As I climbed under my duvet just shy of 2am on Tuesday morning, I realized that out of the last twelve nights, I'd spent exactly one in my own bed. That sounds rather scandalous and exciting, until I clarify that most of them have been spent in other people's spare bedrooms. Wait, that still sounds kind of scandalous and exciting. Huh, except maybe not so scandalous. Or exciting.
I spent the first three days of last week in New York, staying with my brother Tom. My brother Tom is the only person I know in New York with a spare bedroom, and if you live in New York—or, indeed, any large city—I fully expect your eyebrows to be way up into your hairline right now, because what? A spare bedroom in New York? You thought those were mythical, right? Like unicorns and gremlins and a line at the DMV that's shorter than fourteen people.
But no, Tom has a spare bedroom, and this is because Tom is one of those chosen lucky chancers, the kind of person who gets upgraded on a whim at the airport because he remembered to brush his hair that morning. Tom loses his passport and gets it returned to him from the back of a cab in Queens the next day. Tom once had to go on a business trip to report back on the safety and security of two dozen luxury hotel rooms.
So this means Tom is a very good person to know in New York, because Tom has this spare bedroom. The reason he has this spare bedroom is that his roommate got transferred back to London a few weeks after they'd signed the lease and moved in together. The roommate's company felt so bad about transferring the roommate back to London after he'd just signed a lease in New York City that they decided to pay the roommate's rent for him so that he didn't screw Tom over. What? How does this even happen? And why hasn't Tom bought, like, fifty lottery tickets already?
The apartment was a bit of a bachelor pad, as you might imagine, and I was slightly worried about the sheets in the roommate's room, where I would be sleeping. Specifically, I was worred about the freshness of them. Could I be sure of when they'd last been changed? Tom is a 29-year-old single man living alone in an apartment whose refrigerator contains seltzer water, half a granola bar, and a bottle of ketchup from the Clinton administration ("that's full!" he told me proudly as I surveyed its bare shelves.) What are the odds the sheets on his spare bed were going to be clean?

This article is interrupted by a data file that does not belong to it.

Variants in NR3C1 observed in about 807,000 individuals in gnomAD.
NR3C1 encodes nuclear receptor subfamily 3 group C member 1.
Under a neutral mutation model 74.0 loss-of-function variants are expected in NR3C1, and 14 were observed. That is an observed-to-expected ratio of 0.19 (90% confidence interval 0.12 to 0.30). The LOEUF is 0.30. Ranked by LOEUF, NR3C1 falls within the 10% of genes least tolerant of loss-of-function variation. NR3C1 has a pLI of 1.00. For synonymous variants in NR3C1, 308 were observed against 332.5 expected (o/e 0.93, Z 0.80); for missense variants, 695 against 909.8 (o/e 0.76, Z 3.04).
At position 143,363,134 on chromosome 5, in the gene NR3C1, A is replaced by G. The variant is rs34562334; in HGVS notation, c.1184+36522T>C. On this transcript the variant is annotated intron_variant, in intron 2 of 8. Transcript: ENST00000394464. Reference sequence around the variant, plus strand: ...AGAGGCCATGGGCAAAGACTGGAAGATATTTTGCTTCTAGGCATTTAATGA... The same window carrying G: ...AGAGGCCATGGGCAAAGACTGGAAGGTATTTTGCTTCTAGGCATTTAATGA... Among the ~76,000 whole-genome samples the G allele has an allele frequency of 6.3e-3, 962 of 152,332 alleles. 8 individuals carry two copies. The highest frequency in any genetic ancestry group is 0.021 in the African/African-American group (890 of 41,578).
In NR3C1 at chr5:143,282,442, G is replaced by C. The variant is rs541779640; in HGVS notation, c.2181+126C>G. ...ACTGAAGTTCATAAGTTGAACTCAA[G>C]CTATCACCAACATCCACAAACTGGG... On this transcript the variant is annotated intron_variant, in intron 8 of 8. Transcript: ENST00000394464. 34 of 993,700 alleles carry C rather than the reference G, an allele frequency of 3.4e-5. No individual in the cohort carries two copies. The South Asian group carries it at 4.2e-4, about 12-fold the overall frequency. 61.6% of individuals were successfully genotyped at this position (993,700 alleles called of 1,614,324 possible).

Well, I have to give credit where credit is due, because the sheets were indeed clean. I prodded in the most polite way I could think to do it—"so, when did the guy who was staying here before me leave? Oh, yesterday? And, hey, no reason here, just spitballing, do you have a washing machine in this place, or....?"—and Tom, having known me for 29 years, just looked over at me and said "Holly. Come on. I put fresh sheets on your bed." To which the only response, of course, was to laugh gaily and say "Well, duh! I know you did! I never doubted that for a second."
(Whatever. I doubted that for many seconds. Mainly while I was wondering how close your laundromat was, whether it might still be open at midnight, and if they'd take credit cards.)
I have much to tell you about everything we ate in New York—if there is another thing Tom knows about me it is that I like to plan my visits to cities around the food I can stuff into my mouth while I'm there—and also about the little side trip Sean and I took to Maine (more eating) after spending Thanksgiving with his parents in Connecticut (yet more eating), but I'll save that for next time, I think. Right now, I need to go and look at a bunch of kale until my clothes fit again. That's how that works, right?